Therefore, the judge did not need an expert report to make a decision in this case.
How to Get an Expert Opinion
If you want an expert's report, you can do one of the following things:
- Ask a judge to order a psychosocial evaluation by the Service d’expertise psychosociale (psychosocial evaluation service).
- Ask the other people involved in the conflict to agree to an evaluation.
- Ask for an expert both parties agree on to carry out the evaluation.
1. Ask a judge to order a psychosocial evaluation by the Service d'expertise psychosociale (psychosocial evaluation service).
When a conflict involves a child, the people involved can ask a judge to order a psychosocial evaluation to determine the child's best interests.
A psychosocial evaluation is a complete evaluation by an expert of the child's social and family situation. The expert is usually a social worker or psychologist.
These are the main steps in asking for a psychosocial evaluation:
The people involved in the case ask a judge to order a psychosocial evaluation.
- The judge determines whether an evaluation is appropriate.
- If it is appropriate, the judge will order a psychosocial evaluation. The judge can order a psychological evaluation even if no one asks for one.
- The file is then forwarded to the Service d'expertise psychosociale of a Youth Centre, which in turn gives it to one of its experts.
- The expert meets with the people concerned and writes a report.
- The report is sent directly to the judge, and the people involved in the case receive a copy.
2. Ask the other people in the conflict to agree to an evaluation.
A person who wants to hire an expert to evaluate the situation is allowed to do this.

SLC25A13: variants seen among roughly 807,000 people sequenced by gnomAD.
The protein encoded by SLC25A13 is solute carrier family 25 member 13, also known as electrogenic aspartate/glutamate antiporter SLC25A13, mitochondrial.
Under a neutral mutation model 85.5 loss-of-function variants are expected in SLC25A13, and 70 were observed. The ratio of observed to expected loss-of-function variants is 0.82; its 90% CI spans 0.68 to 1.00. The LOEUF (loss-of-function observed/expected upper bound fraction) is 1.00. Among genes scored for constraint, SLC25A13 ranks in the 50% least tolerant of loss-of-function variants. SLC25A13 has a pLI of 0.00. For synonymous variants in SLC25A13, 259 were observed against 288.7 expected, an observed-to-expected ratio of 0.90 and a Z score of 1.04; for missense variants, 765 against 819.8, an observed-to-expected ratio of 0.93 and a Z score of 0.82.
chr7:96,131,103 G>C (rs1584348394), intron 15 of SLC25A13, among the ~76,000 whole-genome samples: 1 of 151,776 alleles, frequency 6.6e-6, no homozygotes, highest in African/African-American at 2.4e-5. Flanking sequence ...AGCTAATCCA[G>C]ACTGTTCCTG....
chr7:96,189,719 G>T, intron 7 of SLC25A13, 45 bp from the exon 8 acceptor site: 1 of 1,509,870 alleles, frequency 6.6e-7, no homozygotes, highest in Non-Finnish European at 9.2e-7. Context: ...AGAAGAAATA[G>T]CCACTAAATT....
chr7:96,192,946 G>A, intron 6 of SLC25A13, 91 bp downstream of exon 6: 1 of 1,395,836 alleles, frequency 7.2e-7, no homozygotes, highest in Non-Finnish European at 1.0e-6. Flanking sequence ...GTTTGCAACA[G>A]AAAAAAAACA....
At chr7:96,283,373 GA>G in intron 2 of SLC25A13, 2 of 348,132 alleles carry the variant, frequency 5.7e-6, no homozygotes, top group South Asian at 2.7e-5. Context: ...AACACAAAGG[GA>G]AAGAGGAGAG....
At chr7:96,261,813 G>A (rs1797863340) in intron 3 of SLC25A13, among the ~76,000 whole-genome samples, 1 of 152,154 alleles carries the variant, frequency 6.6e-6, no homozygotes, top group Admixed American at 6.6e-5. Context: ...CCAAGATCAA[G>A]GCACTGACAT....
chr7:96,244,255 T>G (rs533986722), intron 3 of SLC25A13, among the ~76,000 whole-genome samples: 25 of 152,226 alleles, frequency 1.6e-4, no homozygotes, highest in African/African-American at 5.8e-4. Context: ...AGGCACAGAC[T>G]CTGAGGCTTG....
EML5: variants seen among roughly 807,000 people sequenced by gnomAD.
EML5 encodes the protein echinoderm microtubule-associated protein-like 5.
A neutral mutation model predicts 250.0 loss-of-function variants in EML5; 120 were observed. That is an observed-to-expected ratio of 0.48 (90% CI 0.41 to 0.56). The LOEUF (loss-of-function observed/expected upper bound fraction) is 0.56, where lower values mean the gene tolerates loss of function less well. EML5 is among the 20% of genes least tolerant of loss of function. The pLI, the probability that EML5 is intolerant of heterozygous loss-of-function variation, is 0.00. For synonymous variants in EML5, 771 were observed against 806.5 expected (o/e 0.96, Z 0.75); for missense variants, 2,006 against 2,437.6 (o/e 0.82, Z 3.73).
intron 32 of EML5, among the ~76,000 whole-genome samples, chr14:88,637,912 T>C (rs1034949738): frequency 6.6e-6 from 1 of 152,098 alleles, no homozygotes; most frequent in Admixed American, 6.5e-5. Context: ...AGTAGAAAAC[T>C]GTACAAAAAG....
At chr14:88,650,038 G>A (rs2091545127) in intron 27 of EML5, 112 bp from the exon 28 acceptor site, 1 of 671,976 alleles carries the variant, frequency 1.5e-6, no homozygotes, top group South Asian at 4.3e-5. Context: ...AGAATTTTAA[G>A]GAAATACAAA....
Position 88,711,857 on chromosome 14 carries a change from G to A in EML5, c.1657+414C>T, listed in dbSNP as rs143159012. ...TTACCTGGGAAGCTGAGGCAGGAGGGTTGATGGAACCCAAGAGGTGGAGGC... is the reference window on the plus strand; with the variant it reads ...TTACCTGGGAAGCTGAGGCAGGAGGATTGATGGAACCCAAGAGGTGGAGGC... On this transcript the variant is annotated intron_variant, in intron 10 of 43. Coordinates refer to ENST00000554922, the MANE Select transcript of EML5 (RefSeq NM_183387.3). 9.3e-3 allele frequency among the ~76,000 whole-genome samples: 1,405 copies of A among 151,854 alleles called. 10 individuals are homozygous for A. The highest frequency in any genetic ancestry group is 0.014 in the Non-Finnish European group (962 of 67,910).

However, the other people involved in the conflict have the right to refuse to take part in an evaluation if it is not ordered by a judge.
3. Agree on the choice of expert to carry out an evaluation.
Everyone involved in a conflict involving a child can agree on the choice of the expert.
Influence of the Expert's Opinion on the Judge's Decision
During a court trial, a person who wants the expert's report thrown out can challenge these things:
- the need for the report
- the expert's qualifications as a true expert
- the steps the expert took, and his analysis and recommendations
Even if the person who did the evaluation and wrote the report is considered an expert in the field, the judge can still decide to set aside the recommendations.
Basically, the judge can decide how much weight to give to the expert's opinion. However, the expert's report and statements in court (if the expert comes to court) are important elements of evidence that the judge must take into account. A judge who decides not to follow the expert's recommendations must justify this decision.
Here are some reasons judges have given in the past for not following an expert's recommendations:
- The expert has no professional experience in the field that is the focus of the report.
- The expert shows preference toward one of the parties.
- The judge has doubts about the expert's thoroughness in gathering information.
- The situation has changed so much since the report was written that it is no longer relevant.
This article explains in a general way the law that applies in Quebec. This article is not a legal opinion or legal advice. To find out the specific rules for your situation, consult a lawyer or notary.